Shesterkin made 79 saves for the Rangers, the second-most in a Stanley Cup playoffs game. He was closing in on Columbus goalie Joonas Korpisalo‘s 2020 record of 85 saves against the Tampa Bay Lightning when Malkin tipped home a point shot from Penguins defenseman John Marino.
“[Igor] played great. Both goalies were really good,” Rangers coach Gerard Gallant said. “Actually, all three goalies were good.”
The game took an odd turn in the second overtime.
Penguins starter Casey DeSmith walked off the ice through the Zamboni door 9:07 into the session. Penguins coach Mike Sullivan said after the game that DeSmith had a lower-body injury. He had played exceptionally well to that point, making 48 saves.
Domingue, his backup, saw DeSmith come to the bench. The on-ice officials informed Domingue that he was entering the game.
“I honestly thought they were joking with me, when they were saying that I have to go in,” he said. “It’s crazy. But that’s my life. It’s hockey.”
Domingue is in his eighth NHL season. The 30-year-old journeyman was signed in September 2021 by the Penguins as a free agent and appeared in just two games for Pittsburgh this season — the last a 4-1 loss to the Philadelphia Flyers on April 24. To say he didn’t expect to enter the game would be an understatement.
Domingue admitted he wasn’t “engaged all the time” while watching the action on the bench. Between the first and second overtimes, Domingue ate a bowl of spicy pork and broccoli, which was intended for a postgame meal for the team.
“It’s not great,” he said.
DeSmith got the Game 1 start because Tristan Jarry is unavailable for the first two games of this series, at a minimum. He last played April 14, and then was sidelined with a broken foot. Despite being ice cold, Domingue made 14 saves in the second overtime and then three more in the third before Malkin won it.
“It was a lot coming at me fast, but it’s something you prepare for as a backup. You’ve gotta be ready at all times,” Domingue said. “Casey gave us a hell of a chance to win that game.”
According to the Rangers, it was the longest NHL game ever played at Madison Square Garden.
The Rangers dominated early, taking a 1-0 lead on defenseman Adam Fox‘s power-play goal at 9:19 of the first period. The Rangers grew the lead to 2-0 on an Andrew Copp goal at 3:08 of the second period.
But the Rangers struck back on a short-handed goal by Chris Kreider, only to see the Penguins tie it again on that power play thanks to a precision passing play from Kris Letang to Malkin to Bryan Rust — incidentally, all unrestricted free agents after the season.
Game 1 didn’t lack for controversy.
The Rangers received only one power play in the game. The Penguins lost forward Rickard Rakell to an upper-body injury in the first period on a hit by Rangers defenseman Ryan Lindgren. It was originally called a major penalty, but was reviewed down to a minor penalty for roughing.
Sullivan said that Rakell is out and was being evaluated after the game.
As for an explanation for the reduction of the penalty, Sullivan added: “I’m not going to share it publicly. I guess in their view it wasn’t a major.”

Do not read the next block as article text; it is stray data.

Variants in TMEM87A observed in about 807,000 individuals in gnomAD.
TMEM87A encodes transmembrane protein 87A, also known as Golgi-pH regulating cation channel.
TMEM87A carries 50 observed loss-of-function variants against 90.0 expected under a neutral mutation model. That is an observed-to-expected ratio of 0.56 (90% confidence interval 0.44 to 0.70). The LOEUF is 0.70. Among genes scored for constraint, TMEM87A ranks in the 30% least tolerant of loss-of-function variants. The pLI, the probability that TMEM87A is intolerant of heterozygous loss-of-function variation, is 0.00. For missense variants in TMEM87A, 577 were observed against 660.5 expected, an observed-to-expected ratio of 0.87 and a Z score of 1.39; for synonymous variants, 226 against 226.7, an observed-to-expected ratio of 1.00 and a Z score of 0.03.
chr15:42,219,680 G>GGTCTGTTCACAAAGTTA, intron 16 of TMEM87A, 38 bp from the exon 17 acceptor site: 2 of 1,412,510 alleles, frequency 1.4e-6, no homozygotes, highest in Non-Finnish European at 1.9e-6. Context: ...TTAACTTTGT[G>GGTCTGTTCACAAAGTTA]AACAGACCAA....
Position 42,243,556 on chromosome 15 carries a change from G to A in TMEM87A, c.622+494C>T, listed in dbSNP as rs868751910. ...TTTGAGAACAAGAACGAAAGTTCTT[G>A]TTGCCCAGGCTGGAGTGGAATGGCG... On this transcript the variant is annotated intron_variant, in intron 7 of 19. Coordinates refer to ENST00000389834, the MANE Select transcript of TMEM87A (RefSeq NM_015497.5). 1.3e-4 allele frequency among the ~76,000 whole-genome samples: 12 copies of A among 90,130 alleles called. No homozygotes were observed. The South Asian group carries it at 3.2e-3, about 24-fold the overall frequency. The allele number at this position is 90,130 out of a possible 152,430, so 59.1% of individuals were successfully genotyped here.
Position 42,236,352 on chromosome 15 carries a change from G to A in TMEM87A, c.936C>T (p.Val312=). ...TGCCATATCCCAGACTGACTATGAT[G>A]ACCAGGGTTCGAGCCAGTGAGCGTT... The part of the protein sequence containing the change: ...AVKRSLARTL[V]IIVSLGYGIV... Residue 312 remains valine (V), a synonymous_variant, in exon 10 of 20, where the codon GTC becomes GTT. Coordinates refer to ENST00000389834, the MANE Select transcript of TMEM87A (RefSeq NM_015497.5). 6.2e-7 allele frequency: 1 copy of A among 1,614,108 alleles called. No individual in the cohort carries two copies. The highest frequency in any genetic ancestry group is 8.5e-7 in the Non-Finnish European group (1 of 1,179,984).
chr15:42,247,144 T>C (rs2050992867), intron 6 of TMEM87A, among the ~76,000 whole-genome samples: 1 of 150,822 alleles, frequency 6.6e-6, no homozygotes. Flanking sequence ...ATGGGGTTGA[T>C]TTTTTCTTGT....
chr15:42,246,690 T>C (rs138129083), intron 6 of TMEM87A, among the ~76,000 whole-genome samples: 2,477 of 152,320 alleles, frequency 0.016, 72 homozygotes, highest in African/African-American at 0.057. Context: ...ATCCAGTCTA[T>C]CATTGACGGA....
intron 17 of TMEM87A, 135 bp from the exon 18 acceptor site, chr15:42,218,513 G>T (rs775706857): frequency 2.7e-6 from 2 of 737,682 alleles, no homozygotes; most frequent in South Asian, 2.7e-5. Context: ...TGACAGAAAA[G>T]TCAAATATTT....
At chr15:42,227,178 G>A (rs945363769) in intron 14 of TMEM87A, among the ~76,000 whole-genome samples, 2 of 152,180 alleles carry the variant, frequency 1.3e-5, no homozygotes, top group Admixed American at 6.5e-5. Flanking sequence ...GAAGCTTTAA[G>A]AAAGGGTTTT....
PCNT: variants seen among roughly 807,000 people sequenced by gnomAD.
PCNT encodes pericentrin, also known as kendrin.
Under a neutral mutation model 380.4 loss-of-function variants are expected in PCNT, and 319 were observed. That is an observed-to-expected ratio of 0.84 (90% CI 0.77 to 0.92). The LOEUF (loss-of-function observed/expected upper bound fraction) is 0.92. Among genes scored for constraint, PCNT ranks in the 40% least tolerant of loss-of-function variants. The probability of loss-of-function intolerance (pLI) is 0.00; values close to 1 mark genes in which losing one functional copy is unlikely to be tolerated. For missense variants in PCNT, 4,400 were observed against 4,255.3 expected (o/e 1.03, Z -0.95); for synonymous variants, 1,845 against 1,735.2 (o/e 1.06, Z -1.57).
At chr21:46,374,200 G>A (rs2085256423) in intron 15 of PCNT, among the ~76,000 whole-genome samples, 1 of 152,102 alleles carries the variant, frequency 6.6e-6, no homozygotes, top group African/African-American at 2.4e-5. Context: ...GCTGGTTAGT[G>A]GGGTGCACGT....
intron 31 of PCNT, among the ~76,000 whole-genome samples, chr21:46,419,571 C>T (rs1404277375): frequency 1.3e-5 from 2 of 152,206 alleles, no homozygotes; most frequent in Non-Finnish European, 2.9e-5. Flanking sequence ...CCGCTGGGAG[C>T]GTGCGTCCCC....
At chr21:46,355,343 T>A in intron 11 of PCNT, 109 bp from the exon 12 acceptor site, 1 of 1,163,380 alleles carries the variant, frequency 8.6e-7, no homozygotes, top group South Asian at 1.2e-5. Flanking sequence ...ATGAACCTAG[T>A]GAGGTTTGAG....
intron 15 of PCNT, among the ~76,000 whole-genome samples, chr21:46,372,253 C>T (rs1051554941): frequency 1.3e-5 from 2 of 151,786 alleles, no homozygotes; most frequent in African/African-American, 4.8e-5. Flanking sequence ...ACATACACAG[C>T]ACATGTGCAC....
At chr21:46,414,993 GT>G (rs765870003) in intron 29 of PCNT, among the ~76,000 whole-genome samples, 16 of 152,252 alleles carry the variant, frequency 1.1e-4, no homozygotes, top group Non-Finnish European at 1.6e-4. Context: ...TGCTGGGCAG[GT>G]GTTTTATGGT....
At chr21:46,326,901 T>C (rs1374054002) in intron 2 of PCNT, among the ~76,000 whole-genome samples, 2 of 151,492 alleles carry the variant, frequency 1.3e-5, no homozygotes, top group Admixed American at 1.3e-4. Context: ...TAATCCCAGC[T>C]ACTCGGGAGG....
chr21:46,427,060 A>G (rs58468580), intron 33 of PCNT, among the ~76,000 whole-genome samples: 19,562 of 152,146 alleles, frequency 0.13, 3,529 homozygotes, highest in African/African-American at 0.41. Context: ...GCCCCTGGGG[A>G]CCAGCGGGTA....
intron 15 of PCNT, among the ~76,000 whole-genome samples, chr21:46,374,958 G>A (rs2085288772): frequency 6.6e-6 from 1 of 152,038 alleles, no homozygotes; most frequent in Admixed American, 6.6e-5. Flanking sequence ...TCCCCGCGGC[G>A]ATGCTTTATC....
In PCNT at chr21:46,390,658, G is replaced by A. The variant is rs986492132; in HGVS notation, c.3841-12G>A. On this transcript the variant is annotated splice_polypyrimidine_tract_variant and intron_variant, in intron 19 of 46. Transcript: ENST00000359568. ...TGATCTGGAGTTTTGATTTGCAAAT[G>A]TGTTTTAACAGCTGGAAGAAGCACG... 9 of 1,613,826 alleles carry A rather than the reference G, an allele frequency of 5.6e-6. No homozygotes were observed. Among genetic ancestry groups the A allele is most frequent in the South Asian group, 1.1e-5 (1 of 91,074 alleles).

The most controversial moment came late in the third period, on an apparent goal that could have ended the game before the marathon overtimes. With 3:10 left in the third period, the Rangers appeared to take a 4-3 lead on a goal by center Filip Chytil. He tucked the puck into an abandoned net, as DeSmith was taken out of his crease on a collision that included both Rangers forward Kaapo Kakko and Penguins defenseman Brian Dumoulin, who trailed behind him.
The Penguins coaches watched the replay on a monitor at the bench and decided to challenge for goalie interference. It was a gamble; if the challenge failed, not only would the Rangers have the lead, but the Penguins would also have been given a minor penalty for delay of game. That theoretically could have left them short-handed until there was just 1:10 left in the period.
The officials watched the replay and conferred. Their decision: The call on the ice was overturned and there was no goal scored on the play.
The explanation from the NHL situation room said: “Video review determined New York’s Kaapo Kakko impaired Casey DeSmith’s ability to play his position in the crease prior to Filip Chytil’s goal. The decision was made in accordance with Rule 69.1 which states, in part, ‘Goals should be disallowed only if: (1) an attacking player, either by his positioning or by contact, impairs the goalkeeper’s ability to move freely within his crease or defend his goal.'”
There’s a provision in the goalie interference rule that if an attacking player “has been pushed, shoved, or fouled by a defending player so as to cause him to come into contact with the goalkeeper,” that contact will not be considered as initiated by the attacking player as long as that player made a “reasonable effort” to avoid contact.
While Dumoulin was leaning on Kakko, the officials clearly felt that he didn’t make a reasonable effort to avoid contact with DeSmith.
“To me, it was a 50-50 call, and I felt it was going to go against us. I can’t argue with that,” Gallant said.
Game 2 of this suddenly epic series is Thursday night at Madison Square Garden. Sullivan said that DeSmith is day-to-day and would not commit to Domingue starting that game for the Penguins. But if he does, it would just continue the dream for the NHL veteran.
“You dream about that your whole life. You’re playing in overtime in the playoffs, are you kidding me?” Domingue said. “You’d think that you’d be nervous going into a situation like that, but it was just fun for me.”